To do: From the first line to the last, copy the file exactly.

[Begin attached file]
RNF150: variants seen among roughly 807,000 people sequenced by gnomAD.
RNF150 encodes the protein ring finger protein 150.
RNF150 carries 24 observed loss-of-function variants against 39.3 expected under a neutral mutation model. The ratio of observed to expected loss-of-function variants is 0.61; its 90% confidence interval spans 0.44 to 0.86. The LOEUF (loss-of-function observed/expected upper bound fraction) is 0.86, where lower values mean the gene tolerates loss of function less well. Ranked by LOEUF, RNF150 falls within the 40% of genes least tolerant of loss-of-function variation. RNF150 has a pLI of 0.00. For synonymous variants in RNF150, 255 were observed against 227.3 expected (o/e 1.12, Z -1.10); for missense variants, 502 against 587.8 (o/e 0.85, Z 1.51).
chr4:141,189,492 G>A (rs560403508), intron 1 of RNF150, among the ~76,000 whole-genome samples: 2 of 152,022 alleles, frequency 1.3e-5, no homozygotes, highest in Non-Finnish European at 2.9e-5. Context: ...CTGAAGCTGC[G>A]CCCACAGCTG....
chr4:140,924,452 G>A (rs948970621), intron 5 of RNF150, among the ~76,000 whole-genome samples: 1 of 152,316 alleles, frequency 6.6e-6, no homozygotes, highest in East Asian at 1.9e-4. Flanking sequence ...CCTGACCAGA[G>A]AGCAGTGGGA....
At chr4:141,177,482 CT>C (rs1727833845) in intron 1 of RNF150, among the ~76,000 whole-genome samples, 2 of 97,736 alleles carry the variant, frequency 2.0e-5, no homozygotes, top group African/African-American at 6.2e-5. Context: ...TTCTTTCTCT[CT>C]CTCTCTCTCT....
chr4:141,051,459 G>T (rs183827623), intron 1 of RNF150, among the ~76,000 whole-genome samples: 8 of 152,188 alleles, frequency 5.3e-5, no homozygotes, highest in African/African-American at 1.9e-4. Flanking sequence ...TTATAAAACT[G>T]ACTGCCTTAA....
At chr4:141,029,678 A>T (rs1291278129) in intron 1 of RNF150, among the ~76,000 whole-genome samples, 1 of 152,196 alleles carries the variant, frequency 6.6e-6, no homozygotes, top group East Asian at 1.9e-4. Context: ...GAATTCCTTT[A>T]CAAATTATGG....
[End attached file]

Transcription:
RNF150: variants seen among roughly 807,000 people sequenced by gnomAD.
RNF150 encodes the protein ring finger protein 150.
RNF150 carries 24 observed loss-of-function variants against 39.3 expected under a neutral mutation model. The ratio of observed to expected loss-of-function variants is 0.61; its 90% confidence interval spans 0.44 to 0.86. The LOEUF (loss-of-function observed/expected upper bound fraction) is 0.86, where lower values mean the gene tolerates loss of function less well. Ranked by LOEUF, RNF150 falls within the 40% of genes least tolerant of loss-of-function variation. RNF150 has a pLI of 0.00. For synonymous variants in RNF150, 255 were observed against 227.3 expected (o/e 1.12, Z -1.10); for missense variants, 502 against 587.8 (o/e 0.85, Z 1.51).
chr4:141,189,492 G>A (rs560403508), intron 1 of RNF150, among the ~76,000 whole-genome samples: 2 of 152,022 alleles, frequency 1.3e-5, no homozygotes, highest in Non-Finnish European at 2.9e-5. Context: ...CTGAAGCTGC[G>A]CCCACAGCTG....
chr4:140,924,452 G>A (rs948970621), intron 5 of RNF150, among the ~76,000 whole-genome samples: 1 of 152,316 alleles, frequency 6.6e-6, no homozygotes, highest in East Asian at 1.9e-4. Flanking sequence ...CCTGACCAGA[G>A]AGCAGTGGGA....
At chr4:141,177,482 CT>C (rs1727833845) in intron 1 of RNF150, among the ~76,000 whole-genome samples, 2 of 97,736 alleles carry the variant, frequency 2.0e-5, no homozygotes, top group African/African-American at 6.2e-5. Context: ...TTCTTTCTCT[CT>C]CTCTCTCTCT....
chr4:141,051,459 G>T (rs183827623), intron 1 of RNF150, among the ~76,000 whole-genome samples: 8 of 152,188 alleles, frequency 5.3e-5, no homozygotes, highest in African/African-American at 1.9e-4. Flanking sequence ...TTATAAAACT[G>T]ACTGCCTTAA....
At chr4:141,029,678 A>T (rs1291278129) in intron 1 of RNF150, among the ~76,000 whole-genome samples, 1 of 152,196 alleles carries the variant, frequency 6.6e-6, no homozygotes, top group East Asian at 1.9e-4. Context: ...GAATTCCTTT[A>T]CAAATTATGG....